Internet portal shows when vitamin pills become dangerous

Internet portal shows when vitamin pills become dangerous

At the start of the Green Week, the consumer advice centers presented their new Internet portal "Klartext Nahrungserganzung". It is immediately activated and is to inform consumers about risks of the means. In addition, it should give them the opportunity to ask questions and submit complaints. Although vitamin deficiency is a rarity in Germany, the market for the pills is growing rapidly.

"The total turnover of dietary supplements was 1.1 billion euros in 2015 alone – excluding Internet and mail-order sales," said Klaus Muller, head of the Federation of German Consumer Organisations (vzbv) in Berlin on Wednesday. But instead of supporting health, as about half of German consumers hope, according to a Forsa survey commissioned by the consumer watchdog group Verbraucherzentralen, the products could actually do harm.

Overdose as a consequence

Often several dietary supplements would be taken at the same time or combined with other nutrients and medications. Overdoses and interactions are the result, according to Muller. Too much of the vitamins A or D can lead for example in the extreme case to Hypervitaminose – poisoning symptoms, which can accompany for instance with dizziness, nausea and headache. "If the intake of vitamin C is too high, the risk of kidney stones increases," explained prof.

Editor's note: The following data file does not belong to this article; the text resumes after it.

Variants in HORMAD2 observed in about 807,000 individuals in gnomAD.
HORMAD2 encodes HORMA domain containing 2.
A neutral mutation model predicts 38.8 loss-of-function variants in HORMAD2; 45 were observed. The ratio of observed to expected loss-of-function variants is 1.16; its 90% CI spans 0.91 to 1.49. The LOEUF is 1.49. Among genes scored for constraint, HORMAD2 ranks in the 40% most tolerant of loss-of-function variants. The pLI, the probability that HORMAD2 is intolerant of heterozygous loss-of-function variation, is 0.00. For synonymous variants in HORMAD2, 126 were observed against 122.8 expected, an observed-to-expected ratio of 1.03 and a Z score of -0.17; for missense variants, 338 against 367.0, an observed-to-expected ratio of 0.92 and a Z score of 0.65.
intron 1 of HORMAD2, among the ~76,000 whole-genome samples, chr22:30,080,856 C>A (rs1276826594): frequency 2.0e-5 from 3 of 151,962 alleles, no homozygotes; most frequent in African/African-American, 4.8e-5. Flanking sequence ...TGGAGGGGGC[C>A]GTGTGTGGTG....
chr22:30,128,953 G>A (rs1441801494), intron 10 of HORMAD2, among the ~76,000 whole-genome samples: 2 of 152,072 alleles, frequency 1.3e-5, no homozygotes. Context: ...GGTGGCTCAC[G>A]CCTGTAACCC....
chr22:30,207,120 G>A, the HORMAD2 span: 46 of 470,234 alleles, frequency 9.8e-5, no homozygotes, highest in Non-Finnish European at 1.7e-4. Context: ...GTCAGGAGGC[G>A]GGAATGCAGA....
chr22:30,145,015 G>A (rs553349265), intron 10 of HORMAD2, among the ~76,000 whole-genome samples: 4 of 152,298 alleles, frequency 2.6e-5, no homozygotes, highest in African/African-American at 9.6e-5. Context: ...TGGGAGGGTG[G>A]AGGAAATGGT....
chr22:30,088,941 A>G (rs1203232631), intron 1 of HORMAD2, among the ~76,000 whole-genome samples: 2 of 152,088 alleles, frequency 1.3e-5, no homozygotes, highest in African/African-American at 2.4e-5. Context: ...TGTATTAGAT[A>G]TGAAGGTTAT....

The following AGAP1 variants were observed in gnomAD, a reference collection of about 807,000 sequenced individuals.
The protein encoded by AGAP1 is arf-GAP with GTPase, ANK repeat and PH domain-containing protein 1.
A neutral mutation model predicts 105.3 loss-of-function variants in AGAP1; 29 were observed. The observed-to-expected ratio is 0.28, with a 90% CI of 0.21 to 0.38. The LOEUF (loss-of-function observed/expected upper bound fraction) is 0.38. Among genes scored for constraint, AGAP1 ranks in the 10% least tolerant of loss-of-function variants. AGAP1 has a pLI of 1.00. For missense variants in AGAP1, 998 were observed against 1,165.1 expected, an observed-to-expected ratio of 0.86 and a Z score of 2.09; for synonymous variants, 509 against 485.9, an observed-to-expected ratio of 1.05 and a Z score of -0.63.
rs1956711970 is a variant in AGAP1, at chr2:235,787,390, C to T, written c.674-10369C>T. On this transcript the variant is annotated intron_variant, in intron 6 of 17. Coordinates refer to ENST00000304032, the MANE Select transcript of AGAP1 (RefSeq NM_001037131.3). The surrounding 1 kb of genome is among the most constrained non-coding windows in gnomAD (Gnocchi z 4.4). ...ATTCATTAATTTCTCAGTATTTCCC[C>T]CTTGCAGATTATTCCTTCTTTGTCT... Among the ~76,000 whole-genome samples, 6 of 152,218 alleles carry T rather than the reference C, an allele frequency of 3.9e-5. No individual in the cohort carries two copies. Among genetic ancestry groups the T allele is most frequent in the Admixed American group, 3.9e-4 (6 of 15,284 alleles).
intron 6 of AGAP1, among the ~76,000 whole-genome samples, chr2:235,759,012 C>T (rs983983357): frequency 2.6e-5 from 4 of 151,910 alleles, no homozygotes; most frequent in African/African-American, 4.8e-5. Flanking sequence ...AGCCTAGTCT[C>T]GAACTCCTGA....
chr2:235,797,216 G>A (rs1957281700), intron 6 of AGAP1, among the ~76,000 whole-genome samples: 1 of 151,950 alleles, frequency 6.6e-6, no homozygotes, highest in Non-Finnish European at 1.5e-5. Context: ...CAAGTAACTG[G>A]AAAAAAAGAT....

Helmut Heseker from the Institute for Nutrition, Consumption and Health at the University of Paderborn. "At the same time, there are fewer than ten cases of scurvy – pathological vitamin C deficiency – in Germany each year."Really meaningfully only few preparations are. This is where the new portal wants to come in. Nourishing experts are to answer questions of consumers directly.

Sensible daily amounts

Under the heading "Risks", users can find out about sensible daily amounts and possible problems when combining products with medicines. Which products consumers should generally keep their hands off is summarized under the category "harmful substances", links to international rapid alert systems lead users to an overview of dangerous products and their origin. Consumer advocates do not claim to be exhaustive.

Instead, the government has a duty to set up a database of officially registered dietary supplements and a reporting office for side effects, Muller demanded. Too often, consumers are helplessly confronted with products overloaded with advertising that can hardly be distinguished from medicines. Here, too, the legislator would have to make improvements. The fact that the EU has so far made hardly any specifications with regard to dietary supplements is no reason not to take action at national level "and also to be a pioneer," says Muller.

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